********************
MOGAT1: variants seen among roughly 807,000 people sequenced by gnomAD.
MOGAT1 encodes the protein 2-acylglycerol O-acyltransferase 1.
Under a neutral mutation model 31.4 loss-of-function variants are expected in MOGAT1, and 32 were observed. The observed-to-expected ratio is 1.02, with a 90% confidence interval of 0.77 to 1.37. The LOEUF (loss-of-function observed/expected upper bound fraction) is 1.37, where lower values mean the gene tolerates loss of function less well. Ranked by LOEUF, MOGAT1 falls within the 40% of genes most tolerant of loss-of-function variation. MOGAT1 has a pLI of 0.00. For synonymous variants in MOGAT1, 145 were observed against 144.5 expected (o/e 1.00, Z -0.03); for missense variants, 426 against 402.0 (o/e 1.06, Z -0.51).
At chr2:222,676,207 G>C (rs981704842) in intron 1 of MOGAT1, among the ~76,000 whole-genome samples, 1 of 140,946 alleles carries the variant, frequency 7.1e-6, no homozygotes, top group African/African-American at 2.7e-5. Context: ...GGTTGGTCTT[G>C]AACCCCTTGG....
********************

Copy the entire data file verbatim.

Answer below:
MOGAT1: variants seen among roughly 807,000 people sequenced by gnomAD.
MOGAT1 encodes the protein 2-acylglycerol O-acyltransferase 1.
Under a neutral mutation model 31.4 loss-of-function variants are expected in MOGAT1, and 32 were observed. The observed-to-expected ratio is 1.02, with a 90% confidence interval of 0.77 to 1.37. The LOEUF (loss-of-function observed/expected upper bound fraction) is 1.37, where lower values mean the gene tolerates loss of function less well. Ranked by LOEUF, MOGAT1 falls within the 40% of genes most tolerant of loss-of-function variation. MOGAT1 has a pLI of 0.00. For synonymous variants in MOGAT1, 145 were observed against 144.5 expected (o/e 1.00, Z -0.03); for missense variants, 426 against 402.0 (o/e 1.06, Z -0.51).
At chr2:222,676,207 G>C (rs981704842) in intron 1 of MOGAT1, among the ~76,000 whole-genome samples, 1 of 140,946 alleles carries the variant, frequency 7.1e-6, no homozygotes, top group African/African-American at 2.7e-5. Context: ...GGTTGGTCTT[G>C]AACCCCTTGG....